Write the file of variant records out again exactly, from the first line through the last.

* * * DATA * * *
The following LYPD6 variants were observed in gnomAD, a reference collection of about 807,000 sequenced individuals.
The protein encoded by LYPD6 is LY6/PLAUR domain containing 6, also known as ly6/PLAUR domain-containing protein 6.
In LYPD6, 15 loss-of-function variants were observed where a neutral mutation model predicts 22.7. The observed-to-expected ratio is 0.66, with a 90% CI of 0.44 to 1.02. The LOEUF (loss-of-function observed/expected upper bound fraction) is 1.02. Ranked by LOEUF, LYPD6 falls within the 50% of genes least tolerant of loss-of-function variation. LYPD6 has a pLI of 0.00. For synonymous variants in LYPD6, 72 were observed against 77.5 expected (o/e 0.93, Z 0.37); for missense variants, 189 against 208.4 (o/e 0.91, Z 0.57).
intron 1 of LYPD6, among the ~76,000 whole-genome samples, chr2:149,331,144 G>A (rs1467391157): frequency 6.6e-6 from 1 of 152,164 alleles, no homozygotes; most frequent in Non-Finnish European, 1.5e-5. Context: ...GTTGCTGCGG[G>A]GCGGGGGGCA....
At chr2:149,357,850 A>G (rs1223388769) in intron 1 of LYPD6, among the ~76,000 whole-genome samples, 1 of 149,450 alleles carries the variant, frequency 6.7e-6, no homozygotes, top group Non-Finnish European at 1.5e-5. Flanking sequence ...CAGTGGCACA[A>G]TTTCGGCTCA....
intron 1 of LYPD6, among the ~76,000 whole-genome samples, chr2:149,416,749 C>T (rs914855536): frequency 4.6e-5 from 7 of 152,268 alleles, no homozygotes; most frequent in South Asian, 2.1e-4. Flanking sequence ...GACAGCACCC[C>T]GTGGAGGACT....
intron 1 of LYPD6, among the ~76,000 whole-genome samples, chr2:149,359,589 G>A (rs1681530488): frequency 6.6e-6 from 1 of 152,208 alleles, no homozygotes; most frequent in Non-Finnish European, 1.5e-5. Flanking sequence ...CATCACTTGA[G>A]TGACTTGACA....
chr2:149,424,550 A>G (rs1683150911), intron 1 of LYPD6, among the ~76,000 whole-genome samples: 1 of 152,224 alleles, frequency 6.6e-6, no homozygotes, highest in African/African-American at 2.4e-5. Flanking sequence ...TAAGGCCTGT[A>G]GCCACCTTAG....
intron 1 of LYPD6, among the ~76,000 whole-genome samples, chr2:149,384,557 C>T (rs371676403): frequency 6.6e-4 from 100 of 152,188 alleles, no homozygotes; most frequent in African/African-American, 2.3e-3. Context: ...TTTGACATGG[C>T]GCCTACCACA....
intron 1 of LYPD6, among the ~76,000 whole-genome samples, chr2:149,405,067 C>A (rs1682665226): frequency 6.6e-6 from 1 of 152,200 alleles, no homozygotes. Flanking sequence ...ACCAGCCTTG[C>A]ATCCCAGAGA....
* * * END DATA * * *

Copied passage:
The following LYPD6 variants were observed in gnomAD, a reference collection of about 807,000 sequenced individuals.
The protein encoded by LYPD6 is LY6/PLAUR domain containing 6, also known as ly6/PLAUR domain-containing protein 6.
In LYPD6, 15 loss-of-function variants were observed where a neutral mutation model predicts 22.7. The observed-to-expected ratio is 0.66, with a 90% CI of 0.44 to 1.02. The LOEUF (loss-of-function observed/expected upper bound fraction) is 1.02. Ranked by LOEUF, LYPD6 falls within the 50% of genes least tolerant of loss-of-function variation. LYPD6 has a pLI of 0.00. For synonymous variants in LYPD6, 72 were observed against 77.5 expected (o/e 0.93, Z 0.37); for missense variants, 189 against 208.4 (o/e 0.91, Z 0.57).
intron 1 of LYPD6, among the ~76,000 whole-genome samples, chr2:149,331,144 G>A (rs1467391157): frequency 6.6e-6 from 1 of 152,164 alleles, no homozygotes; most frequent in Non-Finnish European, 1.5e-5. Context: ...GTTGCTGCGG[G>A]GCGGGGGGCA....
At chr2:149,357,850 A>G (rs1223388769) in intron 1 of LYPD6, among the ~76,000 whole-genome samples, 1 of 149,450 alleles carries the variant, frequency 6.7e-6, no homozygotes, top group Non-Finnish European at 1.5e-5. Flanking sequence ...CAGTGGCACA[A>G]TTTCGGCTCA....
intron 1 of LYPD6, among the ~76,000 whole-genome samples, chr2:149,416,749 C>T (rs914855536): frequency 4.6e-5 from 7 of 152,268 alleles, no homozygotes; most frequent in South Asian, 2.1e-4. Flanking sequence ...GACAGCACCC[C>T]GTGGAGGACT....
intron 1 of LYPD6, among the ~76,000 whole-genome samples, chr2:149,359,589 G>A (rs1681530488): frequency 6.6e-6 from 1 of 152,208 alleles, no homozygotes; most frequent in Non-Finnish European, 1.5e-5. Flanking sequence ...CATCACTTGA[G>A]TGACTTGACA....
chr2:149,424,550 A>G (rs1683150911), intron 1 of LYPD6, among the ~76,000 whole-genome samples: 1 of 152,224 alleles, frequency 6.6e-6, no homozygotes, highest in African/African-American at 2.4e-5. Flanking sequence ...TAAGGCCTGT[A>G]GCCACCTTAG....
intron 1 of LYPD6, among the ~76,000 whole-genome samples, chr2:149,384,557 C>T (rs371676403): frequency 6.6e-4 from 100 of 152,188 alleles, no homozygotes; most frequent in African/African-American, 2.3e-3. Context: ...TTTGACATGG[C>T]GCCTACCACA....
intron 1 of LYPD6, among the ~76,000 whole-genome samples, chr2:149,405,067 C>A (rs1682665226): frequency 6.6e-6 from 1 of 152,200 alleles, no homozygotes. Flanking sequence ...ACCAGCCTTG[C>A]ATCCCAGAGA....